‘Spirits’ Review – Where Lemmings Go When They Die
Back in 1991, the game Lemmings created a whole new genre of puzzle game. Players were given the chore of shepherding a group of suicidal critters through levels crammed with all sorts of hazards. Unable to directly control the movements of these helpless morons, players did have the power to affect how the lemmings interacted with their environment. By instructing them to do the right thing at the right moment, the doomed creatures would (mostly) arrive safely at their destination. Spirits by Spaces of Play has players using a streamlined form of the same gameplay to help disembodied spirits reach their goal in the afterlife. Perhaps this is the video game community’s chance to atone for all those lemmings they killed back in the 90s?
Lemmings and its many clones like Mario March of the Minis usually have a sense of humor or silliness about their ill-fated subjects. It’s fun to watch cartoon animals or silly little robots die! With Spirits, the art design and music add a more serious tone to the game. This time players are watching over armless, big-eyed spirits who wander through a cold, grim world filled with deadly spikes. They’re weak, soft and nearly insubstantial. These ghosts are easily blown around by the relentless winds of the world and their only hope for salvation is that the player might help them reach a swirling, glowing light at the end of each level.
With a strong emotional bond attached to their little friends, players have to also come to grips with the fact that some of them just aren’t going to make it. Each of the spirits has the power to transform into some useful shape like a bridge or a cloud that will gently blow their fellows in whatever direction the player chooses. Once transformed, that’s it for that particular spirit. There is a finite number of spirits per level and, in order to progress to the next level, players need to get a certain number of them safely to the end. This means that not only must they be protected from the environment, but also means that players must treat every life as precious and not go turning them all into bridges unless it’s absolutely necessary.
Spirits tries to simplify the Lemmings formula as much as possible. Each spirit only has four abilities: Grow into a bridge, become a cloud and Blow, Dig for a short distance, or block the wind. The Player can choose the direction that the spirits will blow, dig or grow, but that’s the limit of player control. Most levels will even impose further limitations, such as only allowing the Blow ability.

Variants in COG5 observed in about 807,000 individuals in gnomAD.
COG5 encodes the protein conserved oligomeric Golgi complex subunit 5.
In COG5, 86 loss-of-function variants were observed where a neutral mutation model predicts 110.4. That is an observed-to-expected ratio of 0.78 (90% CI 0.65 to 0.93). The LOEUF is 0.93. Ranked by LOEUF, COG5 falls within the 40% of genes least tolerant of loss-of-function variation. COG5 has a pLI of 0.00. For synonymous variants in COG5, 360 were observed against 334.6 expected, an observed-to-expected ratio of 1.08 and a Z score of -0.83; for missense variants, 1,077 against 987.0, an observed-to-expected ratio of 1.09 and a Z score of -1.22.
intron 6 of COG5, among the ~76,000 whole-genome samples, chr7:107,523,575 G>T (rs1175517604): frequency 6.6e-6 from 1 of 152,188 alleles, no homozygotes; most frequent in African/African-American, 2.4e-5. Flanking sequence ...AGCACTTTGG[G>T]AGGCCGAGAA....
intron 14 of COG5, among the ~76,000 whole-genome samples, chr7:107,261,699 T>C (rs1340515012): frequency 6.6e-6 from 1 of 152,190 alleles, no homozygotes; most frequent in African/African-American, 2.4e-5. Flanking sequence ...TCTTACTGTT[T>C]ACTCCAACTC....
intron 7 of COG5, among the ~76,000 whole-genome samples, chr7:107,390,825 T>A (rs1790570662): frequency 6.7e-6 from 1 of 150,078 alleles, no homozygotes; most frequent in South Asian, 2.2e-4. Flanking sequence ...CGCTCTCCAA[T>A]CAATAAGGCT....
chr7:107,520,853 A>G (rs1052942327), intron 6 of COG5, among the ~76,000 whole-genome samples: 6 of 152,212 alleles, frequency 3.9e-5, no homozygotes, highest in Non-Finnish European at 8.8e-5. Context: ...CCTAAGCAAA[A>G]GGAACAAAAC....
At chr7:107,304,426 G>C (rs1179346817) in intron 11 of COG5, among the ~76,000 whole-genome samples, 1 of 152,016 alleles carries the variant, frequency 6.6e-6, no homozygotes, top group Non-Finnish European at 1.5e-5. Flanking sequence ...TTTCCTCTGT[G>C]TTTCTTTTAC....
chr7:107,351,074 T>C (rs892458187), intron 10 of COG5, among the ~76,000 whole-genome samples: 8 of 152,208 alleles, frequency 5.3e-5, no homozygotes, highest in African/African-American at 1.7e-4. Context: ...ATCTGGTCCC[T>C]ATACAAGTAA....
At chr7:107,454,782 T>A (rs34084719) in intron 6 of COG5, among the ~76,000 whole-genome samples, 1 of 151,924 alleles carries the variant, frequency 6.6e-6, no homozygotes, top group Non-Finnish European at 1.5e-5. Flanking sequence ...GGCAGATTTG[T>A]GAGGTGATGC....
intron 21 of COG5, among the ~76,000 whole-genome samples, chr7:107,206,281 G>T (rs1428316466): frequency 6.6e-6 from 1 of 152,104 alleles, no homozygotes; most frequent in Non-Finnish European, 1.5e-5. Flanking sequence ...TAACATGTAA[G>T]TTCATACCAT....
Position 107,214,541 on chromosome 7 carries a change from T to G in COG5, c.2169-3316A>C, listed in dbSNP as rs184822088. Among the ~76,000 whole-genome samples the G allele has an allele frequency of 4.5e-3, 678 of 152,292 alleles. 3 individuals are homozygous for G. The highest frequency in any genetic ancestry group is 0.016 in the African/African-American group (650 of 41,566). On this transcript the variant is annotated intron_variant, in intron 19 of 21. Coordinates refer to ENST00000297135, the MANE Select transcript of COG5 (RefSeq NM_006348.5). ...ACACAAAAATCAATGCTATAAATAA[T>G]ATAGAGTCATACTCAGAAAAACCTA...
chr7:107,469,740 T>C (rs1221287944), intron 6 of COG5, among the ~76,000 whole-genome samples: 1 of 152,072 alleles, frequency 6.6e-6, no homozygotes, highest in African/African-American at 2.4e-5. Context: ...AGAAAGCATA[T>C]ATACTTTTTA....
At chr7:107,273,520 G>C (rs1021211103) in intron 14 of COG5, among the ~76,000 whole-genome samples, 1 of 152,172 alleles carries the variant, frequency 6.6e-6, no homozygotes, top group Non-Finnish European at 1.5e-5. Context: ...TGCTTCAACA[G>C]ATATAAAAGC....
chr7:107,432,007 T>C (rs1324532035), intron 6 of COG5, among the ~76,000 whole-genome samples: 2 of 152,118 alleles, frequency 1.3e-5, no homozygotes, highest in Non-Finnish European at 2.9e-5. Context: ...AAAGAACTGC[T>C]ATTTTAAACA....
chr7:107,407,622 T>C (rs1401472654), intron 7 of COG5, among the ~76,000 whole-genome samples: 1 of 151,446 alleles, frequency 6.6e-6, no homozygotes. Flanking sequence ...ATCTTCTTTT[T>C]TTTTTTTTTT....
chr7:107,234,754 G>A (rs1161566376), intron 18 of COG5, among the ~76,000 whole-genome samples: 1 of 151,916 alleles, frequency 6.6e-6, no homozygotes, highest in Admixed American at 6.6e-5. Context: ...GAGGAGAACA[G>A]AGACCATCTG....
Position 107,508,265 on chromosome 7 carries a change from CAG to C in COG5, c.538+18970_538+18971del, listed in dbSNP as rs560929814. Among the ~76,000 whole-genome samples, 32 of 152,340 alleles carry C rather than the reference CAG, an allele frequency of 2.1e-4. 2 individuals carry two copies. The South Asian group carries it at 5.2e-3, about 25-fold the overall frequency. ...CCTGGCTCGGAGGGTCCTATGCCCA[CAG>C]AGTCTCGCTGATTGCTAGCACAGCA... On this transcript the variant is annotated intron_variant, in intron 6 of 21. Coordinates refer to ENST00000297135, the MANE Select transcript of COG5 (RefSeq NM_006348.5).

The art is hand-drawn and gorgeous. The spirits themselves are pathos-inducing and their world is a very bleak place. The orchestral score also serves to evoke emotion while also giving the player cues as to what’s happening on screen. Rather than rely on just sound effects, Spirits changes the tone of the music to let players know when they’re on the right track.
Spirits began life as a mobile game, but this Mac edition is more than just releasing the same game on a new platform. Rather it has some upgrades, by far not the least of which are graphical enhancements that look very clean when played on a full-sized monitor. It also has a fast-forward feature so that once players have solved the level, they won’t have to wait around for the spirits to slowly make their way to the end. It also has some social media features for gamers who enjoy pestering their Twitter followers with their game progress.
Its roots as a mobile game also show in that it’s clearly designed for short play sessions. Most missions can be played through in a minute or so. There are 42 of them altogether and there is a great deal of replayability because each mission has optional objectives. Casual gamers can just breeze through the levels solving the basic requirements, but players who like a mental challenge also can aim for a “Perfect” completion. These sometime require the player to navigate the level with more spirits alive at the end, but there are also Plants scattered around the levels. Getting a spirit to touch one of these plants will cause it to bloom and each level will have a certain number of plants needed for completion. To get the perfect score, players will need to reach all of the plants on a level while still getting a specific number of spirits through to the end. It’s quite a challenge to reach the perfect mark after the first couple of levels.
Spirits takes a classic game and updates it by adding in a more serious tone, then sliming down the game mechanics to a more elegant form. The result is an engaging, challenging game that is genuinely suitable for casual and hardcore gamers alike.
Spirits is out now for iOS on the App Store and will be available on the Mac Store from February 15th onwards at an introductory price of 7.99 (5.99 €) for the first two weeks. The regular price will be USD
9.99 (7.99 €), the game requires OSX 10.6 or later.
More information on Spirits can be found on the game’s official website.